## Monday, 7 May 2012

### Implausible Extrapolation?

No, I'm not about to go off on a rant about the flawed logic involved in deriving a macroevolutionary hypothesis from the observable processes of microevolution.  I'm going to answer Tim's obscure mathematical query, Question 4: If a=9, b=30 and c=25, what does x equal?

Part of me just wants to say 42.

But despite the inherent sci-fi coolness of that answer, it might be cheating.

Also, I have a cleverer theory, and it goes something like this:
• For any given string of numbers, however random, you should be able to construct a triangle of differences.
• First off, the numbers themselves are 9, 30 and 25.
• Therefore, the differences between consecutive numbers in the sequence are 21 and -5.
• Therefore, the difference between the differences is -26.
• So we now have a triangle, like so:
9          30          25
21          -5
-26
• If each row is extrapolated towards the right, assuming the difference between the differences is a constant -26, we get something like this:
9          30          25         -6         -63         -146 ...
21          -5          -31          -57          -83 ...
-26          -26          -26          -26 ...
• Assuming a to be the first number, b to be the second and c to be the third, it seems logical to say that x must be the 24th, since it is the 24th letter of the alphabet.
• x, i.e. the 24th value in a sequence which begins with 9 and has a difference between differences of -26
• And if this line of logic is followed far enough, you can determine the value of the nth number in the sequence, for any n.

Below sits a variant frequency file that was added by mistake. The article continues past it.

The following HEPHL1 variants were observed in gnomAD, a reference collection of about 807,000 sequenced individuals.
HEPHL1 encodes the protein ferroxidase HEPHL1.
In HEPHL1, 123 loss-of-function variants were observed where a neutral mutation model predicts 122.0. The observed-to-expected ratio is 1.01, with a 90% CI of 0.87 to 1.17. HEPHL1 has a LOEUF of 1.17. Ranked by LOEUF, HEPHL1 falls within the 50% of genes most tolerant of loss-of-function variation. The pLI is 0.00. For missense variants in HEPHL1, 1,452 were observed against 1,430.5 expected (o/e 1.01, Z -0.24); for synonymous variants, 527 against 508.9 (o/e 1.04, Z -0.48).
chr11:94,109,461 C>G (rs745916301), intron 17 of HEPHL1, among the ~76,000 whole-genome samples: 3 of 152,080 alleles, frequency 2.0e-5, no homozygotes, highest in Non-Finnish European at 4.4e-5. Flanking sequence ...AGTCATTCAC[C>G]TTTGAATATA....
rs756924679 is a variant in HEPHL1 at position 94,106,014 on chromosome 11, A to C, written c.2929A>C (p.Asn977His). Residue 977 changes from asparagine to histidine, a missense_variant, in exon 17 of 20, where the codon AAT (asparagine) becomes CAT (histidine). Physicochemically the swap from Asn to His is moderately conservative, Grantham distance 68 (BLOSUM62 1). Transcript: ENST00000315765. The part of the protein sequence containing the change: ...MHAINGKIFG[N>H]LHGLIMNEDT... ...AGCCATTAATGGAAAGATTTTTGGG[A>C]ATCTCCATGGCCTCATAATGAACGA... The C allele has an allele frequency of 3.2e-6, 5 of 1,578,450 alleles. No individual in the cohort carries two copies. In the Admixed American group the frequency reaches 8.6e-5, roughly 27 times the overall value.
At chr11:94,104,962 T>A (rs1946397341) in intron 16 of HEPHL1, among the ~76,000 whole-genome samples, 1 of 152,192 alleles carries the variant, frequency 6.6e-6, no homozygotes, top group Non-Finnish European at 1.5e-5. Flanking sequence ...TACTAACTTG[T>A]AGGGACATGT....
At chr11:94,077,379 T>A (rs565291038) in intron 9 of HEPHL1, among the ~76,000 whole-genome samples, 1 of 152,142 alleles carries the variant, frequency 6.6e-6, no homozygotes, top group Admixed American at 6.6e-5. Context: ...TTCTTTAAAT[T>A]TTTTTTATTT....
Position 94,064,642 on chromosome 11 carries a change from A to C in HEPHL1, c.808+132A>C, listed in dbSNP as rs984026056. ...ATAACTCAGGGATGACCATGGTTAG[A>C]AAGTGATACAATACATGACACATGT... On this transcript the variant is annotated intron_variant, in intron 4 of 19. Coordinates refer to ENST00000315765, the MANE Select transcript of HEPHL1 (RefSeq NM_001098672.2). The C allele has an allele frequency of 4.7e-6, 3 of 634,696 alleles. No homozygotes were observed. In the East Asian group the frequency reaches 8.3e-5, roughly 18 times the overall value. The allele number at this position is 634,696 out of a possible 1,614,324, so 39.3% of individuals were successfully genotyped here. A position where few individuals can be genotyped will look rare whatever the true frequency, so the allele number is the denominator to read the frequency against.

• I think the formula works out as...
• *insert a longish pause while I try and fail to boil all those numbers down to a simple equation*
• Well, what I've got so far is " n(x) = ( n(2) - n(1) ) + ", which isn't even a complete equation, and I'm pretty sure it would still be wrong even if I'd bothered to finish it.
• Stuff this for a lark; I'm going to fire up Excel and get it to calculate x for me!
• My helpful spreadsheet program tells me that the 24th number in this sequence, i.e. x, is -6086.
• x must therefore be -6086.  Because Microsoft Excel 2007 says so.

Okay, that was arcane.

Perhaps I should have settled for '42'?

Compulsory Stats:
• Last 10 for 17 status: neck and neck, each with 2 down, 8 to go.
• Latest book read: still The Kink and I
• Latest film/TV watched: Logan's Run - absolutely dreadful film; don't bother watching it!
• Latest music listened to: something by Yanni
• Latest edible item eaten: Smarties, and cinnamon hot chocolate
• Programs and web pages currently running: Microsoft Office Outlook, Word and Excel 2007, Firefox (tabs: Blogspot Dashboard; Blogspot Create Post; MatNav 6.1)
• Webcomics posted today: Cylinder and Miserable Episode 1473

- The Colclough

1. I must confess that your answer is far more interesting than the one I was thinking of, and you found it in a far more interesting way. So the points go to you. However, the actual value of x that I had been thinking of was -5/3. A classic formula that uses the terms a, b, c, and x is a quadratic formula. A quadratic formula is in the form ax^2+bx+c=0, thus is in instance the formula is 9x^2+30x+25=0. To find if x has more than one solution, use the quadratic formula: -b/2a +or- sqr root of b^2-4ac. Which happens to work out as 30/18 +or- sqr root of 0/18. That proves there is only one answer for x. Factorising the equation give (3x+5)^2=0. Divide both sides by themselves, and you get 3x+5=0. That can be rearranged as 3x=-5. Divide by 3 to get x on it's own... x=-5/3.

1. i did know that stuff once. but i never enjoyed it at the time and i've been happily forgetting all about it ever since finishing my maths GCSE, which was... *counts slowly* about 8 years ago, so i'm not surprised i didn't cotton on to the quadratic possibilities.

2. My Brain Hurts.

1. condolences. mine didn't feel to great by the time i'd finished writing this post either.

3. It took almost 8 attempts to post that comment, is there an easier way?

1. not that i'm aware of.